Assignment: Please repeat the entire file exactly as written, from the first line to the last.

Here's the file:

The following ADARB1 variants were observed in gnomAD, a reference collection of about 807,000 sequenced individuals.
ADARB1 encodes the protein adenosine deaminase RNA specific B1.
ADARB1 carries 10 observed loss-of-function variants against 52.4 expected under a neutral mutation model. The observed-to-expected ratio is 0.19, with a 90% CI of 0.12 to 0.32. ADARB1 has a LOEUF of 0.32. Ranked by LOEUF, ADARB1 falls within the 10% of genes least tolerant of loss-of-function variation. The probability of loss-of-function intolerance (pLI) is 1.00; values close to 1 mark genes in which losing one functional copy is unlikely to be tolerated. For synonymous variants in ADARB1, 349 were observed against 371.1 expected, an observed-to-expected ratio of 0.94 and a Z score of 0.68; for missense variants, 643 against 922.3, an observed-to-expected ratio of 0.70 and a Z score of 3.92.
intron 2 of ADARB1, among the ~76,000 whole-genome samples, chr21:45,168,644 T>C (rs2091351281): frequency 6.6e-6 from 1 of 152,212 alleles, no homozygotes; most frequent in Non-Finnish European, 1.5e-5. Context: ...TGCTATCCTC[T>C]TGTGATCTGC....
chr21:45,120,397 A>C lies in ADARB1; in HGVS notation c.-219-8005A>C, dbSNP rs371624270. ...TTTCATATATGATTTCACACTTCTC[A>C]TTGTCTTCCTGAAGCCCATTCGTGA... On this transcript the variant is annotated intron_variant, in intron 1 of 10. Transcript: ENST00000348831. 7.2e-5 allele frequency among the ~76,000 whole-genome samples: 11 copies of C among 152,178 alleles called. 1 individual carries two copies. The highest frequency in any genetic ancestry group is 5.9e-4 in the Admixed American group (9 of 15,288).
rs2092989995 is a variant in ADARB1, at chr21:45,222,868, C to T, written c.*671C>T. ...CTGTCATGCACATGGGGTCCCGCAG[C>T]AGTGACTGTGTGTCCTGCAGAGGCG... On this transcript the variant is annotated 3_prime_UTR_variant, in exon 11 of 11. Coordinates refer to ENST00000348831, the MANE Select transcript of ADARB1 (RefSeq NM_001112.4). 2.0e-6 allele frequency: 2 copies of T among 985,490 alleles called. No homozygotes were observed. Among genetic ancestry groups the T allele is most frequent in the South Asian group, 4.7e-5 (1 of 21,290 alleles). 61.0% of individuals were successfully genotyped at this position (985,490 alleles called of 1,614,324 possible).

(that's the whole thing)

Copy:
The following ADARB1 variants were observed in gnomAD, a reference collection of about 807,000 sequenced individuals.
ADARB1 encodes the protein adenosine deaminase RNA specific B1.
ADARB1 carries 10 observed loss-of-function variants against 52.4 expected under a neutral mutation model. The observed-to-expected ratio is 0.19, with a 90% CI of 0.12 to 0.32. ADARB1 has a LOEUF of 0.32. Ranked by LOEUF, ADARB1 falls within the 10% of genes least tolerant of loss-of-function variation. The probability of loss-of-function intolerance (pLI) is 1.00; values close to 1 mark genes in which losing one functional copy is unlikely to be tolerated. For synonymous variants in ADARB1, 349 were observed against 371.1 expected, an observed-to-expected ratio of 0.94 and a Z score of 0.68; for missense variants, 643 against 922.3, an observed-to-expected ratio of 0.70 and a Z score of 3.92.
intron 2 of ADARB1, among the ~76,000 whole-genome samples, chr21:45,168,644 T>C (rs2091351281): frequency 6.6e-6 from 1 of 152,212 alleles, no homozygotes; most frequent in Non-Finnish European, 1.5e-5. Context: ...TGCTATCCTC[T>C]TGTGATCTGC....
chr21:45,120,397 A>C lies in ADARB1; in HGVS notation c.-219-8005A>C, dbSNP rs371624270. ...TTTCATATATGATTTCACACTTCTC[A>C]TTGTCTTCCTGAAGCCCATTCGTGA... On this transcript the variant is annotated intron_variant, in intron 1 of 10. Transcript: ENST00000348831. 7.2e-5 allele frequency among the ~76,000 whole-genome samples: 11 copies of C among 152,178 alleles called. 1 individual carries two copies. The highest frequency in any genetic ancestry group is 5.9e-4 in the Admixed American group (9 of 15,288).
rs2092989995 is a variant in ADARB1, at chr21:45,222,868, C to T, written c.*671C>T. ...CTGTCATGCACATGGGGTCCCGCAG[C>T]AGTGACTGTGTGTCCTGCAGAGGCG... On this transcript the variant is annotated 3_prime_UTR_variant, in exon 11 of 11. Coordinates refer to ENST00000348831, the MANE Select transcript of ADARB1 (RefSeq NM_001112.4). 2.0e-6 allele frequency: 2 copies of T among 985,490 alleles called. No homozygotes were observed. Among genetic ancestry groups the T allele is most frequent in the South Asian group, 4.7e-5 (1 of 21,290 alleles). 61.0% of individuals were successfully genotyped at this position (985,490 alleles called of 1,614,324 possible).